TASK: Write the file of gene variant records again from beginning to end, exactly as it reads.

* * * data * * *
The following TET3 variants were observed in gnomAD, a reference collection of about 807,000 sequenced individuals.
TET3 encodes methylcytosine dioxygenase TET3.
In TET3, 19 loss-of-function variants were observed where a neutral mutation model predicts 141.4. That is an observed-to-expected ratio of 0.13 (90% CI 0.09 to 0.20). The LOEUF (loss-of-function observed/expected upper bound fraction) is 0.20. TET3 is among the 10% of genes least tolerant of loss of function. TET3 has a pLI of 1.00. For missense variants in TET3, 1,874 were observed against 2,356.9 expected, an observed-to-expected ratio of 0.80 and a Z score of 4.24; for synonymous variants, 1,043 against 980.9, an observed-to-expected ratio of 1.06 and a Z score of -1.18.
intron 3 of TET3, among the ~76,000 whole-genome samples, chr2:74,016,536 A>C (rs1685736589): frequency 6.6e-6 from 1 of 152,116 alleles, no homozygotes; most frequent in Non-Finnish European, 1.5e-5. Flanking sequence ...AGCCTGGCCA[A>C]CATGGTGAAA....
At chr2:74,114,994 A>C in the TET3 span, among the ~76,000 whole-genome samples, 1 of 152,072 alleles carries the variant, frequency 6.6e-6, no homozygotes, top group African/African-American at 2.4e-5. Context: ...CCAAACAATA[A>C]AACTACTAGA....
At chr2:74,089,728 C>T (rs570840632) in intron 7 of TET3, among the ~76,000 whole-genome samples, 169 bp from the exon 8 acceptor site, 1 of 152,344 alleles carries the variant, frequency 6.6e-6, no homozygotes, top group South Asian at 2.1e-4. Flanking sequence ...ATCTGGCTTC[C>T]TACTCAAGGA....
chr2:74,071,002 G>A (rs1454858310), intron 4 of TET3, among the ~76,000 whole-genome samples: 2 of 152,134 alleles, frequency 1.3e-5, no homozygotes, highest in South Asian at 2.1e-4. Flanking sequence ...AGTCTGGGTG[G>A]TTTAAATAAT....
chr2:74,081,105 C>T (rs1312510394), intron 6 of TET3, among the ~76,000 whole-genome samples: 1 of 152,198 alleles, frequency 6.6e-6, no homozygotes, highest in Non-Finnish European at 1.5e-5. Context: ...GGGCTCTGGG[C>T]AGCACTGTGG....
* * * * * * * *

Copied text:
The following TET3 variants were observed in gnomAD, a reference collection of about 807,000 sequenced individuals.
TET3 encodes methylcytosine dioxygenase TET3.
In TET3, 19 loss-of-function variants were observed where a neutral mutation model predicts 141.4. That is an observed-to-expected ratio of 0.13 (90% CI 0.09 to 0.20). The LOEUF (loss-of-function observed/expected upper bound fraction) is 0.20. TET3 is among the 10% of genes least tolerant of loss of function. TET3 has a pLI of 1.00. For missense variants in TET3, 1,874 were observed against 2,356.9 expected, an observed-to-expected ratio of 0.80 and a Z score of 4.24; for synonymous variants, 1,043 against 980.9, an observed-to-expected ratio of 1.06 and a Z score of -1.18.
intron 3 of TET3, among the ~76,000 whole-genome samples, chr2:74,016,536 A>C (rs1685736589): frequency 6.6e-6 from 1 of 152,116 alleles, no homozygotes; most frequent in Non-Finnish European, 1.5e-5. Flanking sequence ...AGCCTGGCCA[A>C]CATGGTGAAA....
At chr2:74,114,994 A>C in the TET3 span, among the ~76,000 whole-genome samples, 1 of 152,072 alleles carries the variant, frequency 6.6e-6, no homozygotes, top group African/African-American at 2.4e-5. Context: ...CCAAACAATA[A>C]AACTACTAGA....
At chr2:74,089,728 C>T (rs570840632) in intron 7 of TET3, among the ~76,000 whole-genome samples, 169 bp from the exon 8 acceptor site, 1 of 152,344 alleles carries the variant, frequency 6.6e-6, no homozygotes, top group South Asian at 2.1e-4. Flanking sequence ...ATCTGGCTTC[C>T]TACTCAAGGA....
chr2:74,071,002 G>A (rs1454858310), intron 4 of TET3, among the ~76,000 whole-genome samples: 2 of 152,134 alleles, frequency 1.3e-5, no homozygotes, highest in South Asian at 2.1e-4. Flanking sequence ...AGTCTGGGTG[G>A]TTTAAATAAT....
chr2:74,081,105 C>T (rs1312510394), intron 6 of TET3, among the ~76,000 whole-genome samples: 1 of 152,198 alleles, frequency 6.6e-6, no homozygotes, highest in Non-Finnish European at 1.5e-5. Context: ...GGGCTCTGGG[C>T]AGCACTGTGG....